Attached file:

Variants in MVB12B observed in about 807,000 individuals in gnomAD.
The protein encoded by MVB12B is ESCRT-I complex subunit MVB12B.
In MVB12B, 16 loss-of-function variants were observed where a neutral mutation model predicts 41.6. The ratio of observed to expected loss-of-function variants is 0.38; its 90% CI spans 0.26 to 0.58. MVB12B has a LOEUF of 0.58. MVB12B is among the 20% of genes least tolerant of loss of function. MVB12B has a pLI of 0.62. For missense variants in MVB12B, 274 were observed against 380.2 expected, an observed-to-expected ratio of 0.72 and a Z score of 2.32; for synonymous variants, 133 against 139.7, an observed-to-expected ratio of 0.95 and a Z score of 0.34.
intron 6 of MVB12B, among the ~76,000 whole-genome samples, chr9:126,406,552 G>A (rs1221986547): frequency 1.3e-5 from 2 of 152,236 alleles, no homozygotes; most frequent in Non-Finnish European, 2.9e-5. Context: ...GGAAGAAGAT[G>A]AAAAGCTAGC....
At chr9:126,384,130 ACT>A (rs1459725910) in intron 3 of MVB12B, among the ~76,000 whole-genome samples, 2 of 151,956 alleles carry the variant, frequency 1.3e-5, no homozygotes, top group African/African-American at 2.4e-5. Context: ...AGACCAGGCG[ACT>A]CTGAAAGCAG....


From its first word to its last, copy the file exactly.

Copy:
Variants in MVB12B observed in about 807,000 individuals in gnomAD.
The protein encoded by MVB12B is ESCRT-I complex subunit MVB12B.
In MVB12B, 16 loss-of-function variants were observed where a neutral mutation model predicts 41.6. The ratio of observed to expected loss-of-function variants is 0.38; its 90% CI spans 0.26 to 0.58. MVB12B has a LOEUF of 0.58. MVB12B is among the 20% of genes least tolerant of loss of function. MVB12B has a pLI of 0.62. For missense variants in MVB12B, 274 were observed against 380.2 expected, an observed-to-expected ratio of 0.72 and a Z score of 2.32; for synonymous variants, 133 against 139.7, an observed-to-expected ratio of 0.95 and a Z score of 0.34.
intron 6 of MVB12B, among the ~76,000 whole-genome samples, chr9:126,406,552 G>A (rs1221986547): frequency 1.3e-5 from 2 of 152,236 alleles, no homozygotes; most frequent in Non-Finnish European, 2.9e-5. Context: ...GGAAGAAGAT[G>A]AAAAGCTAGC....
At chr9:126,384,130 ACT>A (rs1459725910) in intron 3 of MVB12B, among the ~76,000 whole-genome samples, 2 of 151,956 alleles carry the variant, frequency 1.3e-5, no homozygotes, top group African/African-American at 2.4e-5. Context: ...AGACCAGGCG[ACT>A]CTGAAAGCAG....